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Iceland: the Vikings return to their pagan gods

A farmer I met had just left the Lutheran Church and joined a neo-pagan community. “Unlike Christianity, people here live in harmony with nature”, he told me. “Here, man is still man and woman - woman”.

EUROPEAN PERSPECTIVES AUTOR 273/Johannes_Reimer 20 DE MARZO DE 2024 11:28 h
A waterfall in Iceland. / Photo: [link]Jorge Fdez Salas[/link], Unsplash, CC0.

Christianity on the retreat in Iceland

In March, I traveled to Iceland and admired the partly untouched and rugged nature of this island with its many volcanoes, glaciers, waterfalls and fascinating lava formations.

Just under 400,000 people live on Iceland, an independent republic since 1944. They are largely descendants of the Vikings, who settled here around the year 870 AD. Traditionally, the first settler was Ingólfur Arnarson, a staunch follower of the North Germanic religion [1].

According to the Íslendingabók, Irish monks, called papar, are said to have been in Iceland at the time of the Vikings’ arrival. If this is true, the monks quickly left the island or were expelled [2]. Among the first settlers, however, were also Christians, people who had come to terms with both religions, as well as declared irreligious people who were called “godless” (goðlauss) [3].

[destacate]While 96% of Iceland’s inhabitants were still members of the Lutheran Church in 1994, in 2023 it had fallen to 59%[/destacate]Iceland remained pagan until the end of the 10th century. It was only under political pressure from the baptised Norwegian king Olav I Tryggvason who ruled from 995 to 1000 AD) and the threat of a Christianisation by force, that the Viking parliament (the Althing) decided to introduce Christianity as the official religion on the island [4].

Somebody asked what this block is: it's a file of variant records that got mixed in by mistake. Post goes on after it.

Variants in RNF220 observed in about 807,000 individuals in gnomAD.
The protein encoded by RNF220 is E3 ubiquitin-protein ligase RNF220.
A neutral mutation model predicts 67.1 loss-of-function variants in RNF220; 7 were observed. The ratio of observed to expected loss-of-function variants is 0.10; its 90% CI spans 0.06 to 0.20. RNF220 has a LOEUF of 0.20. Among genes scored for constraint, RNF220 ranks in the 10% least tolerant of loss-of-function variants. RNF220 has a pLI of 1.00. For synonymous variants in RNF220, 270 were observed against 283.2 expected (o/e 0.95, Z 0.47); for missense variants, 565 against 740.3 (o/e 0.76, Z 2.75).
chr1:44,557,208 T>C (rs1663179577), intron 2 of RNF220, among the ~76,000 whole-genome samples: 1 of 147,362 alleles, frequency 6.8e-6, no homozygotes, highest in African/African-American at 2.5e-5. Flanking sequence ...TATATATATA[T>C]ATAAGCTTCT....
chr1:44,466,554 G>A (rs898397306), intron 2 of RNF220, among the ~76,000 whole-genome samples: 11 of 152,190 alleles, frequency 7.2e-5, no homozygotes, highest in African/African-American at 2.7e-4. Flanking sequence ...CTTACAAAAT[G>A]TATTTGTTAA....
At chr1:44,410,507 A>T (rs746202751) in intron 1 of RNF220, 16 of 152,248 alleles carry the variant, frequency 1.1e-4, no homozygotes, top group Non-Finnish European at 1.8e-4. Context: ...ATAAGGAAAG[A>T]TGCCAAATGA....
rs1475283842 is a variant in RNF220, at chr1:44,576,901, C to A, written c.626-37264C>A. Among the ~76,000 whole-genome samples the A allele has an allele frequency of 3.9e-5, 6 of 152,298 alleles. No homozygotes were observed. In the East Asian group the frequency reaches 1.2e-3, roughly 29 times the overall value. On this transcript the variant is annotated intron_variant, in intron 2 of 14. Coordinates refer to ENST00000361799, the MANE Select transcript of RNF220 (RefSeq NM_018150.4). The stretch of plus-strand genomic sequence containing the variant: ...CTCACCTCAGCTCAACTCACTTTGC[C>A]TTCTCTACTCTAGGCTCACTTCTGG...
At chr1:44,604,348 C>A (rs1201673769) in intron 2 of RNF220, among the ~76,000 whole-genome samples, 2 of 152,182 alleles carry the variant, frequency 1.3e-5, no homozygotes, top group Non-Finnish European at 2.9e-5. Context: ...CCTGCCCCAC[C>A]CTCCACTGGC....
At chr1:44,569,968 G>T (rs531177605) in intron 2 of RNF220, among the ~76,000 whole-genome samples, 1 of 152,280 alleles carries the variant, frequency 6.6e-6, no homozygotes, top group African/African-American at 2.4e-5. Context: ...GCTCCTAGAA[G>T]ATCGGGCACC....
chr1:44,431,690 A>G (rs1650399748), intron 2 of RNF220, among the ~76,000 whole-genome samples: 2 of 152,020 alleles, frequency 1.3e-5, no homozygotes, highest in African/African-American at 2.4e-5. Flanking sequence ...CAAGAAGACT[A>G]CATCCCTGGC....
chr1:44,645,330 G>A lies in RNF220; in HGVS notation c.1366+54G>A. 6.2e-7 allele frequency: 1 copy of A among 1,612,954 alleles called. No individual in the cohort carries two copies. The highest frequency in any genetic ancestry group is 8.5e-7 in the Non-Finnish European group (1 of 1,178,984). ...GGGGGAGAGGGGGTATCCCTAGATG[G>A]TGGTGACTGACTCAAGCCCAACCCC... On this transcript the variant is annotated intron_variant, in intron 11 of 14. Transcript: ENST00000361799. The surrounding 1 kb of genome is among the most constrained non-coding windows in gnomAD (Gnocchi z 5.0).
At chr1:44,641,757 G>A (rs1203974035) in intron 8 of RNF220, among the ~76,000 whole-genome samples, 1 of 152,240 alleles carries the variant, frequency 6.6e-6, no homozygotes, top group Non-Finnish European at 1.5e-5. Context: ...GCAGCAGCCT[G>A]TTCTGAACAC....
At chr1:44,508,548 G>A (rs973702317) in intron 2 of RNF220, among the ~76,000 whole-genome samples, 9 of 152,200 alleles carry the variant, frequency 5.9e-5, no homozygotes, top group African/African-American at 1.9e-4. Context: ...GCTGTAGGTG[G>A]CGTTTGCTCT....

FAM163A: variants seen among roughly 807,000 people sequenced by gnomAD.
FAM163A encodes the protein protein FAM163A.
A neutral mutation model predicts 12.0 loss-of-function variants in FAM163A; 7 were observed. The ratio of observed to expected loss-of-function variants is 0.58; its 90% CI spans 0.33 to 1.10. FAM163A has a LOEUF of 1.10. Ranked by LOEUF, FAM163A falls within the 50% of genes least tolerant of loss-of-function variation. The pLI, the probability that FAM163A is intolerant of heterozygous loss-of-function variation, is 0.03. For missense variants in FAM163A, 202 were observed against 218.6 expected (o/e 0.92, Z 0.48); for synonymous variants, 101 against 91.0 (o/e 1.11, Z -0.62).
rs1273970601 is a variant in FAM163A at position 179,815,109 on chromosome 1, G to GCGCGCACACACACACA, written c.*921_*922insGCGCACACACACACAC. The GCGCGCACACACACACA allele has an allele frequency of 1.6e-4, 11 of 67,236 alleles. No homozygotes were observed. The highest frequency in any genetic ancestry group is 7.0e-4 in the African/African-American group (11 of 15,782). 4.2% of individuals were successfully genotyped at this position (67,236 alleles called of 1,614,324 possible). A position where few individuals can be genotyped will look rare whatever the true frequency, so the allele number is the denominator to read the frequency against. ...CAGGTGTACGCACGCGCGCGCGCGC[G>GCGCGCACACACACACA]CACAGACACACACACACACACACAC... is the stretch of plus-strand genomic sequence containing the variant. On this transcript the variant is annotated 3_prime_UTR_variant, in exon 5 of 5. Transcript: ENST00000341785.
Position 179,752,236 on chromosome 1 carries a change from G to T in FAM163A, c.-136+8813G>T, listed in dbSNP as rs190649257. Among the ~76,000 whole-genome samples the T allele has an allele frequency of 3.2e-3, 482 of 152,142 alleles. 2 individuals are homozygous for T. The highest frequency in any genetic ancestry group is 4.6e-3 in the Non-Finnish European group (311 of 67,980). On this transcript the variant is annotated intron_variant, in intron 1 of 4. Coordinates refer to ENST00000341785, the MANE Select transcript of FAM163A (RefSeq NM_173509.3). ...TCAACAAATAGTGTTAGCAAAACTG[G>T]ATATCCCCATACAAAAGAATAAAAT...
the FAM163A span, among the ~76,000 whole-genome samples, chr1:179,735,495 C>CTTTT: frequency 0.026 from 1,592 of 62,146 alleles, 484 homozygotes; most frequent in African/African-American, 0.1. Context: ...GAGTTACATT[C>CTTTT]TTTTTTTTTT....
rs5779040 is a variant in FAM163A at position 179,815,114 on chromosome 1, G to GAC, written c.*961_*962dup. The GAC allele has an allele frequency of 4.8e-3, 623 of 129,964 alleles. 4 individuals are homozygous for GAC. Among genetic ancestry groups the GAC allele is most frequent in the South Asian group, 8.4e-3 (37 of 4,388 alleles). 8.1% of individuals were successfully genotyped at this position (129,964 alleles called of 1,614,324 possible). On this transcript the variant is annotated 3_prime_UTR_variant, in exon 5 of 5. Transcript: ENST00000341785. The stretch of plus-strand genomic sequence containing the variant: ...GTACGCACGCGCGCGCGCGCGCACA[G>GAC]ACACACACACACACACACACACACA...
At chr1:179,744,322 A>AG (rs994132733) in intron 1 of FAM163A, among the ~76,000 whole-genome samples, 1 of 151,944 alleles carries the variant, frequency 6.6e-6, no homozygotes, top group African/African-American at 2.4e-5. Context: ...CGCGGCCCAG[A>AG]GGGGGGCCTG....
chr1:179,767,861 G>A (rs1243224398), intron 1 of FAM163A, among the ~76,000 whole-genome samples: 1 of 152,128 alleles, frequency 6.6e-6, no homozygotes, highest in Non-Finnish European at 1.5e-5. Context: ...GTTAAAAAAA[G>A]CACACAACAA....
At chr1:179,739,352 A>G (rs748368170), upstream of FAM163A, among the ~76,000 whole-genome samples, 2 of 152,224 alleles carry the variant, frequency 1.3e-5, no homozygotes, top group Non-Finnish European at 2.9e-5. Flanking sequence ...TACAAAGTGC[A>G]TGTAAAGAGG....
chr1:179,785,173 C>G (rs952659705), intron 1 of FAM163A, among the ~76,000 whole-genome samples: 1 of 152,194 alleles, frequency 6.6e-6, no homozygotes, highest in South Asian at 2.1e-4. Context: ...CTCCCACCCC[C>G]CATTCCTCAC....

The Reformation in Iceland was also politically imposed under the Lutheran Danish King Christian III in the 1550s [5]. The Icelanders became members of the Lutheran Church – a religious institution under full protection of the state.

Today, more and more people are leaving the Lutheran state church. While 96% of Iceland’s inhabitants were still members in 1994, the figure was 67% in 2017 [6]. As of 2023, 59% of the population belonged to the state church and 5% to various Lutheran free churches, as well as Pentecostals (0.3%) and Baptists.

In global terms, Iceland already ranks 10th in the proportion of atheist population. Only 57% of Icelanders still describe themselves as religious and 31% as non-religious. As recently as 2005, 74% still said they were religious [7].


Neo-paganism on the rise

Icelanders are leaving their church, and many are turning their backs not only on Lutheranism, but on Christianity itself. 

More and more of them are turning to ancient Germanic paganism. Since 1972, the neo-pagan Asatro religion has been officially registered in the country as Ásatrúarfélagið. Asatro is a Danish-Swedish neologism consisting of asa, the genitive plural of Danish æser or Swedish äser “Ase”, and tro “faith”. The Nordic word tro is etymologically related, but not identical in meaning to the English word truth. The term asatro first appeared at the beginning of the 19th century in the writings of the Scandinavian national romantics. At the time, they coined a whole range of terms for the old religion of the Vikings such as Asalære, Asareligion, Asadyrkan, Asakult and Asatro [8]. 

Today, 1.5% of the population officially belong to it. But the appreciation of pagan cultures can be seen at every turn in Iceland.